The Register reports that a patent filed by Amazon.com ("Providing gift clustering functionality to assist a user in ordering multiple items for a recipient") was published last week. Its title sounds innocuous and even laudable (I frequently need assistance in ordering multiple clustered gift items for a recipient), but there's a line in it to the effect that a database covered under the patent might contain information on "education levels, genders, income levels, interests, races, ethnicities, religions, occupations, sexual orientations." Most of this information, needless to say, could not be inferred reliably from product purchases and would have to come from external sources. Amazon has said that it has no "immediate intention" of creating such a database. Let's pretend for a moment that it has an...eventual intention.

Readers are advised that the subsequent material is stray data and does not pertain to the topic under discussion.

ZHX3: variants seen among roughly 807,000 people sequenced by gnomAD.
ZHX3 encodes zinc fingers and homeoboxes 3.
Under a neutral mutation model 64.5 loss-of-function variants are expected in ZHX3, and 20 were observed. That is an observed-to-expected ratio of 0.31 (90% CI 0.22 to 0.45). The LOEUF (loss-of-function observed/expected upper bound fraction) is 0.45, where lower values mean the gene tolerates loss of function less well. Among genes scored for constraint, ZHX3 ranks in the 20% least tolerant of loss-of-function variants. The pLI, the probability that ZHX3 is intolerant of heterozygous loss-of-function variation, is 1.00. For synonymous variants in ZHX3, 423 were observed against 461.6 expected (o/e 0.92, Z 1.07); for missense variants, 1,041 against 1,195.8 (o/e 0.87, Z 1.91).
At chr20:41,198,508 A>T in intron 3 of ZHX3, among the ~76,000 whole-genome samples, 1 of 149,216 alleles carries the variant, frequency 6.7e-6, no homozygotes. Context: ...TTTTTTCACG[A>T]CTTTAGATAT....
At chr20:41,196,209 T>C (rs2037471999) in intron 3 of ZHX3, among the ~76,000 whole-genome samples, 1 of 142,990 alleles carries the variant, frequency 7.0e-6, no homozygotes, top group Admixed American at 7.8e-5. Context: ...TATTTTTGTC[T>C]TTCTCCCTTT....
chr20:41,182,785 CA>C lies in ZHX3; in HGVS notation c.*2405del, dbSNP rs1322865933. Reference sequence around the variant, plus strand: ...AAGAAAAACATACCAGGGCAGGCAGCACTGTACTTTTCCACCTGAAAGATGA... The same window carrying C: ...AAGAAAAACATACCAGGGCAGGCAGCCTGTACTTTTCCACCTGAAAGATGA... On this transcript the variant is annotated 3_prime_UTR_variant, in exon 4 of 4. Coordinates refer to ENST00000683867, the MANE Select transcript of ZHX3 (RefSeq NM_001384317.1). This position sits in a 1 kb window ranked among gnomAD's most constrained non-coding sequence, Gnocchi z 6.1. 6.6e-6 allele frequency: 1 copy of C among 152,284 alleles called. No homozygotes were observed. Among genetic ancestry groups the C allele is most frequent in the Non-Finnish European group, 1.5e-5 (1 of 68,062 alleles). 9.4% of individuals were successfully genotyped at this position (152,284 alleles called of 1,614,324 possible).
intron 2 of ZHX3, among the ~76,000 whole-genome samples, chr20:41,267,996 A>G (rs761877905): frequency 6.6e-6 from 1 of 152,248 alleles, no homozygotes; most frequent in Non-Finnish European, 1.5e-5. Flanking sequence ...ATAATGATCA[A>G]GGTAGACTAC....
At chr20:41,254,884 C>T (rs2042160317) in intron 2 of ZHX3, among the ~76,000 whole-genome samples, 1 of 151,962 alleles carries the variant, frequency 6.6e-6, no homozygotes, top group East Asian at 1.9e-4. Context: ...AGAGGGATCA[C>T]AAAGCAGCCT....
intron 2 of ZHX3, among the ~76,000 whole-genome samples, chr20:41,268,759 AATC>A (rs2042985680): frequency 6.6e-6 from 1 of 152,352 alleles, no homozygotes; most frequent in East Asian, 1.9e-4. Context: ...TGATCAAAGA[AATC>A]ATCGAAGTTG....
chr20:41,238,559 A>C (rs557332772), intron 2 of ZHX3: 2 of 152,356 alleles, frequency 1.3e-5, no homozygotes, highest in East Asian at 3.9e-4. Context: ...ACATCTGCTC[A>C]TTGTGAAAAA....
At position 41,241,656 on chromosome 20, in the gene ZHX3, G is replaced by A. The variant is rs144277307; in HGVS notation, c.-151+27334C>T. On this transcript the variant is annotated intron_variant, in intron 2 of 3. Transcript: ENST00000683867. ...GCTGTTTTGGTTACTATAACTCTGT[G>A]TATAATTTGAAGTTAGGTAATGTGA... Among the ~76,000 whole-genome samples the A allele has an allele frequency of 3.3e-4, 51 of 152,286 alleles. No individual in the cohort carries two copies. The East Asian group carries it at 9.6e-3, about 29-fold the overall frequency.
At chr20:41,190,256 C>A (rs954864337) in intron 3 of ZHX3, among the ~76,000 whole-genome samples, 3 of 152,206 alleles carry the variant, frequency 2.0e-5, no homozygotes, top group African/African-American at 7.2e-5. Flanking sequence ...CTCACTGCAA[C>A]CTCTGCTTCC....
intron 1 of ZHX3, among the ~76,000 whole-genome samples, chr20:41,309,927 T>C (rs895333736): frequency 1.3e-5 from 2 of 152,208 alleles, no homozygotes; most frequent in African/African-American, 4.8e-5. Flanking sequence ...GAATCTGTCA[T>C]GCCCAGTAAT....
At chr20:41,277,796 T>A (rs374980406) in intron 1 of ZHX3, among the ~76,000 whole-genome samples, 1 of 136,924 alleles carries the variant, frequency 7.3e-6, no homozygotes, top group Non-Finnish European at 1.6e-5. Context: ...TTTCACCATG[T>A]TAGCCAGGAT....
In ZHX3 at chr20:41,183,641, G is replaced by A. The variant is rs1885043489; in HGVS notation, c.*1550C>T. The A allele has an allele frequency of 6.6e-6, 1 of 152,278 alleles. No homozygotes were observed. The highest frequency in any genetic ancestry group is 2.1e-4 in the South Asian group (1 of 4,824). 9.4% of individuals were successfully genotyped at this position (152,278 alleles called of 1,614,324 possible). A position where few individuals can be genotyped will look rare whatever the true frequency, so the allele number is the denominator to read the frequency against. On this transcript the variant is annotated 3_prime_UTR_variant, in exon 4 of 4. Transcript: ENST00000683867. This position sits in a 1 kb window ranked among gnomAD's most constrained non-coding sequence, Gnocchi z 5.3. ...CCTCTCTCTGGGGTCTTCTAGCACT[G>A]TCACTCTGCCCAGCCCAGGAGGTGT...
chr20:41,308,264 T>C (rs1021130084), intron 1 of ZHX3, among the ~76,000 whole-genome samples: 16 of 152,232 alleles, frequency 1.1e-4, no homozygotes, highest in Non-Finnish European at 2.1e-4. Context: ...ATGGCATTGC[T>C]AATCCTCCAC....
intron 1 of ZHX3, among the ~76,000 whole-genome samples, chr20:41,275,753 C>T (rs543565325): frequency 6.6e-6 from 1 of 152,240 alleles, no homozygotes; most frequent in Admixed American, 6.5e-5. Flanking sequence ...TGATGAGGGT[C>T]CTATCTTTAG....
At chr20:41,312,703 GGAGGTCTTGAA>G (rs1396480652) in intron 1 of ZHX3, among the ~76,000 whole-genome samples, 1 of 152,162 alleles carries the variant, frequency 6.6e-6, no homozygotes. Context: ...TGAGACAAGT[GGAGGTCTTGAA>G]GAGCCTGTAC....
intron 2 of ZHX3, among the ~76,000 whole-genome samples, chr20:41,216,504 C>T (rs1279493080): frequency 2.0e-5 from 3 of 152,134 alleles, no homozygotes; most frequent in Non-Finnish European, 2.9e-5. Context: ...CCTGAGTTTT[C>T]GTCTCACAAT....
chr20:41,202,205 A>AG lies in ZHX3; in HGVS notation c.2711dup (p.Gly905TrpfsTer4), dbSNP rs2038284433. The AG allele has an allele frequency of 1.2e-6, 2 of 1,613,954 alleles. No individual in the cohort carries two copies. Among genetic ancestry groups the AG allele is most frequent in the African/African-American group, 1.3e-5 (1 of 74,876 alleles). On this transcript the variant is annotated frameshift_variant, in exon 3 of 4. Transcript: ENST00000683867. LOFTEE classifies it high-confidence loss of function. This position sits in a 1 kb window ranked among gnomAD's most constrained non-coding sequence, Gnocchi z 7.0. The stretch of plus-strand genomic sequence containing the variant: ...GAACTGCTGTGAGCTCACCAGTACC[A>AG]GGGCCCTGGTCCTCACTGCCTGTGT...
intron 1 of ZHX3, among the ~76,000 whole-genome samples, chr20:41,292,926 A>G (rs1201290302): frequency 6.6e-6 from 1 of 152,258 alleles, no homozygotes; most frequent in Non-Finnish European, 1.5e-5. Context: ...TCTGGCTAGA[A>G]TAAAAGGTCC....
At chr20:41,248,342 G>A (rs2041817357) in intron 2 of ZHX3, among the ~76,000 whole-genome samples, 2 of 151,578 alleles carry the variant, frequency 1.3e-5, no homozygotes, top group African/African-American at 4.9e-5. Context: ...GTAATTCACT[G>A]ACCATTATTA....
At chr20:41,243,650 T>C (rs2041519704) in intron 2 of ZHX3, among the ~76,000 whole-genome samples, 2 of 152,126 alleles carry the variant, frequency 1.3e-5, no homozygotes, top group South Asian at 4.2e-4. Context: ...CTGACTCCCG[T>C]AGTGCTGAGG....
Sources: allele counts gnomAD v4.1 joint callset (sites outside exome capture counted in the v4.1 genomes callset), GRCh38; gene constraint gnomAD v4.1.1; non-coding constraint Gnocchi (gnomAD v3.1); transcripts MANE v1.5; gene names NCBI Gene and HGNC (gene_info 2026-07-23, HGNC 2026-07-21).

Data mining (or "analytics," as it's often called, since the term "data mining" lost some luster in the '90s) can certainly throw off interesting and exploitable patterns--just ask the fraud detection teams at credit card companies--so it's likely that Amazon could increase sales by knowing (quite a lot) more about its customer base. It's not clear that this would be such a good idea, however. Amazon would run the risk of spooking customers by offering product suggestions that are just a bit too well-targeted ("What!? How the #$%& do they know I'm a Single White Female Wiccan Anthropology Professor (SWFWAP) with Bunions!?"). It would have to be very careful when deciding how it uses the data it possesses. There's also a more general backlash risk: Data of this kind has been collected for years, but largely out of sight of the general public. If Amazon's activities made it obvious that such data exists and was being used, the reaction could reach all the way to the halls of Congress--which might severely restrict data collection and use. Amazon should probably be very careful indeed.